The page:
Downton Abbey is going over the top, and Frontline will no longer be on the trailing edge: PBS has finally made its way to over-the-top video with Wednesday’s announcement that some 100 stations are now available on Google’s YouTube TV.
“Huge,” reacted TV[R]EV co-founder and lead analyst Alan Wolk in an email. “I am shocked it took them so long.”
The move was held up by licensing delays and negotiations between Arlington, Virginia-based PBS and its 300-plus member stations over how to preserve their local identity in a move to online distribution. The YouTube TV deal fills in one of the biggest remaining gaps between cable and satellite TV providers and their newer, streaming rivals.
“Adding local PBS stations makes YouTube TV more of a direct replacement for traditional pay-TV,” emailed Brett Sappington, senior research director and principal analyst at Parks Associates. Especially, he added, for parents: “Many streaming services are adding children’s content in an effort to attract young families with children, who are prime targets for switching to online pay-TV services.”
All of the major markets appear to be represented. Although PBS’ list of 102 participating stations and networks doesn’t include Houston, a check of a Space City Zip code at YouTube TV’s site shows PBS among the locals available on Google’s $50/month service.
PBS says more stations will come online in 2020 but isn’t talking about availability on other streaming services. (These and other local stations remain free to watch over the air with an antenna, assuming reception permits.) In January, however, WGBH told FierceVideo that it aimed to be on multiple OTT services, even if it would start with only one or two.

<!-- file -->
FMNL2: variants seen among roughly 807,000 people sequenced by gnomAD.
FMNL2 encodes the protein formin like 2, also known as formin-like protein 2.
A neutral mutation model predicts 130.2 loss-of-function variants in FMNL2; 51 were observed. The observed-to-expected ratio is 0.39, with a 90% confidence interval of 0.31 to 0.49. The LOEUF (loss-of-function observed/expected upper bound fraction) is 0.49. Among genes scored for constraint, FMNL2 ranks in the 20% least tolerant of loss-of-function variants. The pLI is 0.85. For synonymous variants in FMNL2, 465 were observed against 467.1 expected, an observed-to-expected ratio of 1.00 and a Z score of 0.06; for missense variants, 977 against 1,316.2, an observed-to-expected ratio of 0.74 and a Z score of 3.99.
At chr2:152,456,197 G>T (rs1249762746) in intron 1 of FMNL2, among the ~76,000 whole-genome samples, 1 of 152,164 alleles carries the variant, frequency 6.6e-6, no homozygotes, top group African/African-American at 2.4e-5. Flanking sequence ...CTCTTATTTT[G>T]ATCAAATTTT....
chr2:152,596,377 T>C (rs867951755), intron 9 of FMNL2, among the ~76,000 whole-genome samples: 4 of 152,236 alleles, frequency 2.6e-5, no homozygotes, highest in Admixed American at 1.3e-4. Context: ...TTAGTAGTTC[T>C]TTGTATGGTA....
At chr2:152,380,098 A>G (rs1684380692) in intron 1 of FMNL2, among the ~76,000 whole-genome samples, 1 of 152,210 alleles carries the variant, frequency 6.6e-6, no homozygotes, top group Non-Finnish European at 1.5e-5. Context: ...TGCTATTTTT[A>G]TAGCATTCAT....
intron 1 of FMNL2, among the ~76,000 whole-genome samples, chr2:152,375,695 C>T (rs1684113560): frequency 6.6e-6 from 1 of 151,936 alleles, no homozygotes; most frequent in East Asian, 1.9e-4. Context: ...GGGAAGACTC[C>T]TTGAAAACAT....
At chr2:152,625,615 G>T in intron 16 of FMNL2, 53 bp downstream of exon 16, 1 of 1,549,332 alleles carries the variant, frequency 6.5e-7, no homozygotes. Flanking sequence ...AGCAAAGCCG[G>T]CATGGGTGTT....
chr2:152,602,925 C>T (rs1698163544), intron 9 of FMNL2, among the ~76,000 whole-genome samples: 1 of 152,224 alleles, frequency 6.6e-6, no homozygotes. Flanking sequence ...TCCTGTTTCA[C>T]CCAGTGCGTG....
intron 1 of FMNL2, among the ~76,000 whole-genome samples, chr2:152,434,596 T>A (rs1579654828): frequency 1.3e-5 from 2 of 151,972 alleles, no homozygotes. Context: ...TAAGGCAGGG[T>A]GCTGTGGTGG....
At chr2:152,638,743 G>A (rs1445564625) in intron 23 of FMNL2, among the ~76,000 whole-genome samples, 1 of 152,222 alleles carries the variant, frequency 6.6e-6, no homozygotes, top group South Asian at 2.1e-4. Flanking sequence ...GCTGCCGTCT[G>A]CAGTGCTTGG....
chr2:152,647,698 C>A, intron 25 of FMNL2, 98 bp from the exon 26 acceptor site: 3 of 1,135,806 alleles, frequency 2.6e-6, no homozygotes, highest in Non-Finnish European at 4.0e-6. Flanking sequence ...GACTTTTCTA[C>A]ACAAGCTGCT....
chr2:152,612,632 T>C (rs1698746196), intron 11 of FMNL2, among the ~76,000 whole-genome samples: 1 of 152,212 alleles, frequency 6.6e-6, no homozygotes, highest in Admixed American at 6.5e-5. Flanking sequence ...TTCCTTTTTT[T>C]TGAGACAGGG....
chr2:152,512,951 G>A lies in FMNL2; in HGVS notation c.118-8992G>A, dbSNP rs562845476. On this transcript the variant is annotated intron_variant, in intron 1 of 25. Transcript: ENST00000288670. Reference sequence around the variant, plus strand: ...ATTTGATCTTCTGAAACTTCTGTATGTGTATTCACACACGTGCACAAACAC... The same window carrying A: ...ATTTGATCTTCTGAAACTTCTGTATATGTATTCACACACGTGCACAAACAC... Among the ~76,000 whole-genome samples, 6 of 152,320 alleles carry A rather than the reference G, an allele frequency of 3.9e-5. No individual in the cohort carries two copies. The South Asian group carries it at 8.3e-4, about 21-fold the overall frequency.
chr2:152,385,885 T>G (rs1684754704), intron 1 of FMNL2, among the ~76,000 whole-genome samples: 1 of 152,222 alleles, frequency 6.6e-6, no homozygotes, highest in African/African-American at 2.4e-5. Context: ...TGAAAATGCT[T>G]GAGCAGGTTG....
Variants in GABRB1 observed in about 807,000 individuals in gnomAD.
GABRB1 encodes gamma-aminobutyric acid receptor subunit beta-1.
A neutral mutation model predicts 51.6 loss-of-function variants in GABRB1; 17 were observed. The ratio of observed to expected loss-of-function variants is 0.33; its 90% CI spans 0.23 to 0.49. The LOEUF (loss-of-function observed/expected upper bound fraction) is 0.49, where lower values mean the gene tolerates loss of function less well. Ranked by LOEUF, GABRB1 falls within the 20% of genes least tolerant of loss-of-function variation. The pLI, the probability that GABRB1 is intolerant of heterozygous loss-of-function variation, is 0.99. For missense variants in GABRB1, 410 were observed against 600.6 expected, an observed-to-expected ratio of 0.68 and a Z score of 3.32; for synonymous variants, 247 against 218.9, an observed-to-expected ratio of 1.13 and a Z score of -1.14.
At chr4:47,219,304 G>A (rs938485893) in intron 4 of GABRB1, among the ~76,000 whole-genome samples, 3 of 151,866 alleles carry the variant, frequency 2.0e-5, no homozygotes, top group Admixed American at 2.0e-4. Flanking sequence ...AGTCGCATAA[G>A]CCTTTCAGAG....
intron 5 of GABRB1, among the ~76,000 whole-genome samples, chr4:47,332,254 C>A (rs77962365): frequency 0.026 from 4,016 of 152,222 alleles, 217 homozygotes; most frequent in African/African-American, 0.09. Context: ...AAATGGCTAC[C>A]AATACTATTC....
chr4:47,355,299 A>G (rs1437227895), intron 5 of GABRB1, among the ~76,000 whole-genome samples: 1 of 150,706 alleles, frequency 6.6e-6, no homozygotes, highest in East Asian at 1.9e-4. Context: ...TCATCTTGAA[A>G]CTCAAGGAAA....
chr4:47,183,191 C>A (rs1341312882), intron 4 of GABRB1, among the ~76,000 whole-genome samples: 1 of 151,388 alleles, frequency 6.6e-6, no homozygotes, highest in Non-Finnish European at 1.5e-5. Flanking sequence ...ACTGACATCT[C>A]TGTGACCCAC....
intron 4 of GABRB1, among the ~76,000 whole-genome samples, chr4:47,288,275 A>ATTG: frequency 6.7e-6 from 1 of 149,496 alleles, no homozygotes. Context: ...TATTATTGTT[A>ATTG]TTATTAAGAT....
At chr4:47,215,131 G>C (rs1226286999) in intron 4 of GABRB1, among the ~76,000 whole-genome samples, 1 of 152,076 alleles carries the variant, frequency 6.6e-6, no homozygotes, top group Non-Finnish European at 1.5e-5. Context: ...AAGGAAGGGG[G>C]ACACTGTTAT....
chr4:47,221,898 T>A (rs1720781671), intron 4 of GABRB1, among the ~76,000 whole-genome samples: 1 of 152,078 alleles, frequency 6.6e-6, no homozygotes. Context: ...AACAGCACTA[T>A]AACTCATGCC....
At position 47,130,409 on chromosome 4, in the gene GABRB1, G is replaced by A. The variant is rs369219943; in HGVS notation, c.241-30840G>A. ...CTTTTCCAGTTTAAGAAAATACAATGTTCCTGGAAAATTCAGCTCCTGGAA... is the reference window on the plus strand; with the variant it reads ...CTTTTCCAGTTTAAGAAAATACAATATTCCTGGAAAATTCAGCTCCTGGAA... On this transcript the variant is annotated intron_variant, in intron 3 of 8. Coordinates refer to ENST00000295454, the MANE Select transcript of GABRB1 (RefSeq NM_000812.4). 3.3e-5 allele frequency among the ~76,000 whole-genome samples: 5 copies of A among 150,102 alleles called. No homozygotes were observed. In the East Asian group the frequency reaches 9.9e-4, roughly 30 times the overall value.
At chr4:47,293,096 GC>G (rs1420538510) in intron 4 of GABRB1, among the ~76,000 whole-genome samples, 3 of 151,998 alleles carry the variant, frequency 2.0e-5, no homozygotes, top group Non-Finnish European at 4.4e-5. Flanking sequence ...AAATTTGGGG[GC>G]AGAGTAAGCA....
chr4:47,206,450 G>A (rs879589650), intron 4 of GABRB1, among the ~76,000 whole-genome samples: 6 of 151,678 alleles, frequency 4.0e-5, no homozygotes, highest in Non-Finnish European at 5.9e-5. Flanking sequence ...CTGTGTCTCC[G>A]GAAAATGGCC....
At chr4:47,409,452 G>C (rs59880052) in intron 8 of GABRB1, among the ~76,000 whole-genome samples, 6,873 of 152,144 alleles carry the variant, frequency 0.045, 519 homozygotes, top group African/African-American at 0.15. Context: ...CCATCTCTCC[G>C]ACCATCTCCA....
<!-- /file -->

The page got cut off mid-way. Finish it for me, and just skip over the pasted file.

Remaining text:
Wolk put in a vote for expanding PBS availability.
“With so much on TV right now, it’s easy to forget about PBS if you can’t get it, and the fact that they are on only one vMVPD is a crime,” he said. “There are close to 10 million vMVPD subs right now, and YouTube only represents 2 million of those subs at most.”
In November, MoffettNathanson estimated that Hulu with Live TV led the OTT race, with 2.7 million subscribers, with Dish Network’s Sling TV just behind. That research firm put YouTube TV in third place, with an estimated 1.6 million subscribers.
“Margins are already thin for online pay-TV services,” Sappington warned. “So, rivals must believe that the number of new subscribers will be worth the additional content expense.”
The potential market, however, seems set to increase as cord cutting continues in massive numbers. MoffettNathanson estimated aggregate video subscriber losses of 1.74 million among AT&T, Charter, Comcast and Verizon in the third quarter alone, and UBS predicted that cord cutting could hit 6.2 million in 2020.